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  • Cantankerous Panda

District 9

Posted by Cantankerous Panda on December 28, 2009

DISTRICT 9 (2009)

Not to be confused with District 6 from apartheid South Africa. But, in all honesty, that’s a minor detail; the filmmakers did little to shroud the fact that this was an allegory for what happened under apartheid, and it supplements the aliens (called the new-found derogatory term “prawns”) for the black Africans of the region.

This is the baby of Peter Jackson (yes, elf-lord Peter Jackson of one-ring-to-rule-them-all fame) and Neill Blomkamp, who co-wrote the film with Terri Tatchell. Apparently, Jackson and Blomkamp wanted to do a Halo film, but things fell through and this was the next best thing. It totally plays like a Halo film would, if done properly.

At this point, I’m going to interrupt myself to say this: I started this draft back in October and abandoned it because I apparently had other things to do (probably not true). It’s possible that I’m going to confuse some details and possibly leave some important things out, so please just bear with me here.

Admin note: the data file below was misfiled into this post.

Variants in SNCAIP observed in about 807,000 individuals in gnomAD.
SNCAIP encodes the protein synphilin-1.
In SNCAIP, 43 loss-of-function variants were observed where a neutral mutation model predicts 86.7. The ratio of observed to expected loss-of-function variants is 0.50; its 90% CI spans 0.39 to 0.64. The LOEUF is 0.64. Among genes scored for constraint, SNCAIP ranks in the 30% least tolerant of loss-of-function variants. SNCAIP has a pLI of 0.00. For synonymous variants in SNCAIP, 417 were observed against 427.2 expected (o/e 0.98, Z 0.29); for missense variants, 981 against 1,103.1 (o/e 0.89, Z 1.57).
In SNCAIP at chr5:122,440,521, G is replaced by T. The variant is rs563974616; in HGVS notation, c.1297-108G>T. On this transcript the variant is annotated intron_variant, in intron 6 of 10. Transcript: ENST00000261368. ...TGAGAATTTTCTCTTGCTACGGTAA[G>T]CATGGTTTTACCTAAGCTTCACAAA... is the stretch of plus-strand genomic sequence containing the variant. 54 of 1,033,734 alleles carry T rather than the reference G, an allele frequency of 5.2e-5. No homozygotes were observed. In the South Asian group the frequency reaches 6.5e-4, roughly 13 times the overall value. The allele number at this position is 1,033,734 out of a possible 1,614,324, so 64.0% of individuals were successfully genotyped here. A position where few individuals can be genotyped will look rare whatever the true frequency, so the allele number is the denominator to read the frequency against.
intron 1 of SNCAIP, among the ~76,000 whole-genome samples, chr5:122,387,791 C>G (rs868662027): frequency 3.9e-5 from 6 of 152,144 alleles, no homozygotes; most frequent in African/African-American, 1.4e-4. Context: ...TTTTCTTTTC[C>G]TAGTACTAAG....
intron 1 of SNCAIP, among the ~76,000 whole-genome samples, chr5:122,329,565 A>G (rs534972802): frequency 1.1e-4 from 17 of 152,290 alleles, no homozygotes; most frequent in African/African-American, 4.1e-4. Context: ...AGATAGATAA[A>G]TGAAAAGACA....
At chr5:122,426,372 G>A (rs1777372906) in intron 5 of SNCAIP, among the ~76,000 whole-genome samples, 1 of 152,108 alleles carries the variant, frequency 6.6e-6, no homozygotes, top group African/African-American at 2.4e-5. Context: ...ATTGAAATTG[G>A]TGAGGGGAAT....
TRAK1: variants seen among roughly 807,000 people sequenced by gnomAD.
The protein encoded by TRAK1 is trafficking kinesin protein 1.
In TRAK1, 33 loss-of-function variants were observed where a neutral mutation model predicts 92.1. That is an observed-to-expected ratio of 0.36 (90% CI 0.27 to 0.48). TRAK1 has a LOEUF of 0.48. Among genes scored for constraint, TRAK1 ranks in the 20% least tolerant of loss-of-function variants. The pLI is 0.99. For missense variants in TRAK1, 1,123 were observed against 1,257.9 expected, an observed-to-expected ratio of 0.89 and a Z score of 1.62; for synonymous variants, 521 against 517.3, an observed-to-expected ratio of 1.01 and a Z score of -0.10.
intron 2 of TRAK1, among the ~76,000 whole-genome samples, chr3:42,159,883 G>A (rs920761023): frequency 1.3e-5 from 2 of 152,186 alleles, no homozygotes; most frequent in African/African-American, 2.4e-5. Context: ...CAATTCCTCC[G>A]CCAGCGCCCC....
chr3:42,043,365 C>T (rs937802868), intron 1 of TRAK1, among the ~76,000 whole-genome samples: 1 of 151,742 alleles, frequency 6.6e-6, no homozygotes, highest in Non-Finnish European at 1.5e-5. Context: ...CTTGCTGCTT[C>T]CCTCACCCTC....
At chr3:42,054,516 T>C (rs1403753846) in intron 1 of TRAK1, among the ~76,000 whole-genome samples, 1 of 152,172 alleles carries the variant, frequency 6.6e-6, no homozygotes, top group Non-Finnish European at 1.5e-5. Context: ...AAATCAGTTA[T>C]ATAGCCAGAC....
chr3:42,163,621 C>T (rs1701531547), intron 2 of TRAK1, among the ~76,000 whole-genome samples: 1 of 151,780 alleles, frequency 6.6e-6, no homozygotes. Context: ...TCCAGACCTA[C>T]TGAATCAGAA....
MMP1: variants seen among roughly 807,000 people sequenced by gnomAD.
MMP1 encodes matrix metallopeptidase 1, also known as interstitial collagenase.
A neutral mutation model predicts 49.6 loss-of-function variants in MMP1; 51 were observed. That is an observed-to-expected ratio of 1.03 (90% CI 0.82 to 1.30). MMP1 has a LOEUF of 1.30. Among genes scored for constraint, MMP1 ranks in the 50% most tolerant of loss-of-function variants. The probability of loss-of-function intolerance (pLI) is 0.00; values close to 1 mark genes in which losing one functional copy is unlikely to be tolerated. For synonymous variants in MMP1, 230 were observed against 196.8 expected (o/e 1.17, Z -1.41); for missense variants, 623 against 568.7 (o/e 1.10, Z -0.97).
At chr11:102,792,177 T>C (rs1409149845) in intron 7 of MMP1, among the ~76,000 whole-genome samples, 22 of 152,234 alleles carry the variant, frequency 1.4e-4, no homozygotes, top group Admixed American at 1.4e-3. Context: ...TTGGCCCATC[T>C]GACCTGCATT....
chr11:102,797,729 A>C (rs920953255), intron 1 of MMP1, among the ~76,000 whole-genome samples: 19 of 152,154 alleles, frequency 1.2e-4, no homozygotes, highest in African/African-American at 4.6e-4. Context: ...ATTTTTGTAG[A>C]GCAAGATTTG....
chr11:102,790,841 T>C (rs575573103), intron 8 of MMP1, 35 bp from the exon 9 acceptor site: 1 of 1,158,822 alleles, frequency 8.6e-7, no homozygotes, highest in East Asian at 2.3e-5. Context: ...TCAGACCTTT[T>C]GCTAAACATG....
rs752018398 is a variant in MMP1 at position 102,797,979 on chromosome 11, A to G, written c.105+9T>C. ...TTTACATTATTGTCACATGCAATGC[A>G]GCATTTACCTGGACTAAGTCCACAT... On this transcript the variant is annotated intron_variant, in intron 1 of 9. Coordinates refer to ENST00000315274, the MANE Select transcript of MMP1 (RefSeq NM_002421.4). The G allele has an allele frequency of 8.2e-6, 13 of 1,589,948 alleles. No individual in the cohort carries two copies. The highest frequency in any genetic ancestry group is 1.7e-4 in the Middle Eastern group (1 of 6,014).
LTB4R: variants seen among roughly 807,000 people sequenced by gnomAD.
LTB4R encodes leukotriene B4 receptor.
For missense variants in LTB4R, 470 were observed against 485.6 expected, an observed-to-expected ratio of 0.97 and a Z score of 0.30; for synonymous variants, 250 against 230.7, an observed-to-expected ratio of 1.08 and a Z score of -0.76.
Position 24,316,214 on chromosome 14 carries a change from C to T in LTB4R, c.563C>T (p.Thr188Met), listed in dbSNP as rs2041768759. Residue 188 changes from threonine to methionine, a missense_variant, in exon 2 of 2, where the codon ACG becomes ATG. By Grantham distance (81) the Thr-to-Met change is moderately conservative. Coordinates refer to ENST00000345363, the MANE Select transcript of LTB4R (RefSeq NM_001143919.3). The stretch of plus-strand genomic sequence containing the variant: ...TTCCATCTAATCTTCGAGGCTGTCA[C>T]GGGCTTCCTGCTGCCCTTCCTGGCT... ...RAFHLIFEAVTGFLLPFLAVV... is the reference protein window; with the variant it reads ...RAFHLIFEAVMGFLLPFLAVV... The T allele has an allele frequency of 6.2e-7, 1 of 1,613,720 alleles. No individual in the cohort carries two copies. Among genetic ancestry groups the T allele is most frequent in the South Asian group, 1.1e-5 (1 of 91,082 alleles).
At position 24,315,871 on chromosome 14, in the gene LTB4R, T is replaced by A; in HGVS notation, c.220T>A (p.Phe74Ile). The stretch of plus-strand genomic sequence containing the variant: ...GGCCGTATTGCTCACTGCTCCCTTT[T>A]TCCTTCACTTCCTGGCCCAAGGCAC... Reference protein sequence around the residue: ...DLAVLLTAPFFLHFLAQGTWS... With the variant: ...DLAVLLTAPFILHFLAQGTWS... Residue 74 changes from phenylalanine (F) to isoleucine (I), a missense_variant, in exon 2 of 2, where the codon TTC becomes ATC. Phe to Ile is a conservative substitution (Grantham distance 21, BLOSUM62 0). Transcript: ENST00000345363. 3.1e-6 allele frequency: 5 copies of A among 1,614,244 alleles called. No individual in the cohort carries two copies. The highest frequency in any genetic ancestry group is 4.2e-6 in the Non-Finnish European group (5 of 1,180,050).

The film is appropriately gritty, the camera movements are jarring but not annoyingly so, and the special effects are great. Visually, this film delivers, staying true to the nature of the film and its underlying commentary. The action scenes are unbelievably enjoyable, and I cannot help but express childlike glee at the splatter-effects used when the alien weapons hit their meaty human targets. The film is alarming and disturbing, with very few “touching” moments, and once again plays with the idea of “the monster”. Who are the real monsters in the film? Are the aliens the monsters? They certainly look like monsters, their social skills are lacking, they have incredibly dangerous technology, and they are violent (and vile) scavengers. And yet, as per usual in such films, it is humankind that are shown to be the true monsters.